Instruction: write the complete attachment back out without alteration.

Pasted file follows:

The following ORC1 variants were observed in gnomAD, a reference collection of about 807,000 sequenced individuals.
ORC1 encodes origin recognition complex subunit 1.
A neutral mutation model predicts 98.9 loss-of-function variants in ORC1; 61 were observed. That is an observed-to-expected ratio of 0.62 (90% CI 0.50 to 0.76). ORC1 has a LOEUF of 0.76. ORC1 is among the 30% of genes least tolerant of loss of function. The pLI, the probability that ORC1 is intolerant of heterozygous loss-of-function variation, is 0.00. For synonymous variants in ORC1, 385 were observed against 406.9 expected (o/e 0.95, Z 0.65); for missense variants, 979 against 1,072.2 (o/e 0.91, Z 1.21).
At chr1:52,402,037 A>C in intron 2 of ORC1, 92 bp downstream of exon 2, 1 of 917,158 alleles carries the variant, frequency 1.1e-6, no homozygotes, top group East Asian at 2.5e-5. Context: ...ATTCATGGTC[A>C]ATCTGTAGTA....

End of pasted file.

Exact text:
The following ORC1 variants were observed in gnomAD, a reference collection of about 807,000 sequenced individuals.
ORC1 encodes origin recognition complex subunit 1.
A neutral mutation model predicts 98.9 loss-of-function variants in ORC1; 61 were observed. That is an observed-to-expected ratio of 0.62 (90% CI 0.50 to 0.76). ORC1 has a LOEUF of 0.76. ORC1 is among the 30% of genes least tolerant of loss of function. The pLI, the probability that ORC1 is intolerant of heterozygous loss-of-function variation, is 0.00. For synonymous variants in ORC1, 385 were observed against 406.9 expected (o/e 0.95, Z 0.65); for missense variants, 979 against 1,072.2 (o/e 0.91, Z 1.21).
At chr1:52,402,037 A>C in intron 2 of ORC1, 92 bp downstream of exon 2, 1 of 917,158 alleles carries the variant, frequency 1.1e-6, no homozygotes, top group East Asian at 2.5e-5. Context: ...ATTCATGGTC[A>C]ATCTGTAGTA....